More than 75 people gathered Thursday evening in Courthouse Square in downtown Sonora to show their support for the Robert Mueller investigation of whether the Trump campaign colluded with Russians before Donald J. Trump’s 2016 election as the nation’s 45th president.
Arlene Weissman, 74, said she drove over to Sonora from San Andreas because “this is critical to our democracy. We have an incipient dictatorship taking press passes from reporters if you ask questions Trump doesn’t like.”
Like many others at the rally, she held a hand-scrawled sign, and hers said, “Protect Mueller Investigation.”
The driver of a black pickup caught in the evening gridlock on Washington Street yelled out, “Go Trump! Hey! Go Trump!” Other motorists honked their horns in support of the demonstrators, and one driver leaned on the horn several seconds, prompting loud cheers and whoops from the demonstrators.
At least one person was there to observe only, and he declined to say if he was with the demonstrators or opposed to them.
Julie Gorgas, 35, of Sonora, held a sign that said, “If Obama did any of this, you would be standing with us!”
Earlier, Gorgas said she helped organize the demonstration in unity with Indivisible, local groups around the nation that try to advance progressive causes.
Similar rallies were staged Thursday in New York City, Boston, Philadelphia, Baltimore, Washington, D.C., Cleveland, Los Angeles, San Francisco and other communities.
“We’re here because Trump had Jeff Sessions resign the other day,” Gorgas said. “That removed Rosenstein’s control of the Mueller investigation, and we’re trying to protect Mueller. The new acting attorney general has said publicly the investigation into whether there was collusion should stop. And he has said it can be stopped by defunding it.”
Gorgas said the demonstration was also intended to stand up for freedom of the press, in response to the Trump administration’s banning CNN reporter Jim Acosta from the White House.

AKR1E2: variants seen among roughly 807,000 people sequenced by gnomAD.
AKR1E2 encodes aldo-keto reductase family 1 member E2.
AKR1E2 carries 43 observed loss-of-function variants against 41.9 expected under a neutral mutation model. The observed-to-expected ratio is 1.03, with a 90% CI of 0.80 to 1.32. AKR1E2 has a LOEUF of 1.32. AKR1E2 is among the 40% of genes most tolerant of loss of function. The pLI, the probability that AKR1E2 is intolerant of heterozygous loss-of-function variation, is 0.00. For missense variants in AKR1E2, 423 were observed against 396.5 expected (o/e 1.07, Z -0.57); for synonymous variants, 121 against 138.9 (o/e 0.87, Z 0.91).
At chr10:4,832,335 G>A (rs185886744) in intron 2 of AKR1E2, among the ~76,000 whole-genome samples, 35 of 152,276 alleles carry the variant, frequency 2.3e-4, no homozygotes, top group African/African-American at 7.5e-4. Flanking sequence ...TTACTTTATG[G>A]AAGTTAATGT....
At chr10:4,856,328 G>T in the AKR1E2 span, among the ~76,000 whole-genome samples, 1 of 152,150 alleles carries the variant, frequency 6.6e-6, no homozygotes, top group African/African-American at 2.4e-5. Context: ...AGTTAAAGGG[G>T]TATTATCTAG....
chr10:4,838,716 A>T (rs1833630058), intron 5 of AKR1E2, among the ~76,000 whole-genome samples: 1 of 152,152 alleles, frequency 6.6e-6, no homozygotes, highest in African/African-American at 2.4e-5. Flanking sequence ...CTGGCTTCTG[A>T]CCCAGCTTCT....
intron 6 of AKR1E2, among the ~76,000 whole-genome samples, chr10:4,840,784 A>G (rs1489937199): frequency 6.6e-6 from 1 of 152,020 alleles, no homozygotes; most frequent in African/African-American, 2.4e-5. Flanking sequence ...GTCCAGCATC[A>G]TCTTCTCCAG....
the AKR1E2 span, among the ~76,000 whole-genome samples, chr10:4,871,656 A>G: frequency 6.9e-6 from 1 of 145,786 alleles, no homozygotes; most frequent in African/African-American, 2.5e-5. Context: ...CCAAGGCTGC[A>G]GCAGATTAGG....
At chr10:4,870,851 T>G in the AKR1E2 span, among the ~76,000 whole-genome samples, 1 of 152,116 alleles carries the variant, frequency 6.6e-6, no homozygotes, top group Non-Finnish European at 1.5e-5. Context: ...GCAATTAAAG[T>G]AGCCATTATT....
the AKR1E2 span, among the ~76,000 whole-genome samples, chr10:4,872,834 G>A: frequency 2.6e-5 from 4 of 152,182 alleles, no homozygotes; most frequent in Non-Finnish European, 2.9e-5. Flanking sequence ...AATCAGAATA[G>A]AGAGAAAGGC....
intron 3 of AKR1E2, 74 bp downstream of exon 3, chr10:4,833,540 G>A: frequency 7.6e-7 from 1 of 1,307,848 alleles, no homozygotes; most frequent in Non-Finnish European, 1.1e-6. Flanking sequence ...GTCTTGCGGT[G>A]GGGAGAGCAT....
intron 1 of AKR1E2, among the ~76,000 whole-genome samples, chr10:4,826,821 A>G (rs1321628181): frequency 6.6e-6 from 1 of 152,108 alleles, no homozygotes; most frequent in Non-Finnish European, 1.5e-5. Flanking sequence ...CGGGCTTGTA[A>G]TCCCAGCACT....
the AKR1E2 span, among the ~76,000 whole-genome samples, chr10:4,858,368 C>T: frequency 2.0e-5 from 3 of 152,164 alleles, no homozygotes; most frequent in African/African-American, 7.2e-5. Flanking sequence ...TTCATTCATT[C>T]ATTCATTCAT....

“That violates the First Amendment,” Gorgas said.
Reached by phone before the demonstration, Charlotte Frazier, who chairs the Tuolumne County Republican Central Committee, said she isn’t surprised Trump has parted ways with Sessions.
“They’ve had a troubled relationship for a long time,” Frazier said. “I’d like to have seen that departure not so difficult, but he’s certainly within his authority to do that. … Do I think that’s what the president is going to do? I don’t really think so, but I understand the concern that it’s been discussed and rallied about for quite some time. I don’t think he should bother the Mueller investigation at all.”
Also reached by phone before the Courthouse Square demonstration, Dave Titchenal, president of the Tuolumne County State of Jefferson chapter, said he thinks there’s nothing untoward about Trump asking for Sessions to resign.
“He wanted to do it a long time ago but waited until after the midterms,” Titchenal said of Trump. “Anyone serves at the president’s pleasure. It is possible the next guy stepping in will do something to the Mueller investigation, but I don’t think that would be the right thing to do politically.”
Union Democrat reporter Alex MacLean contributed to this report.
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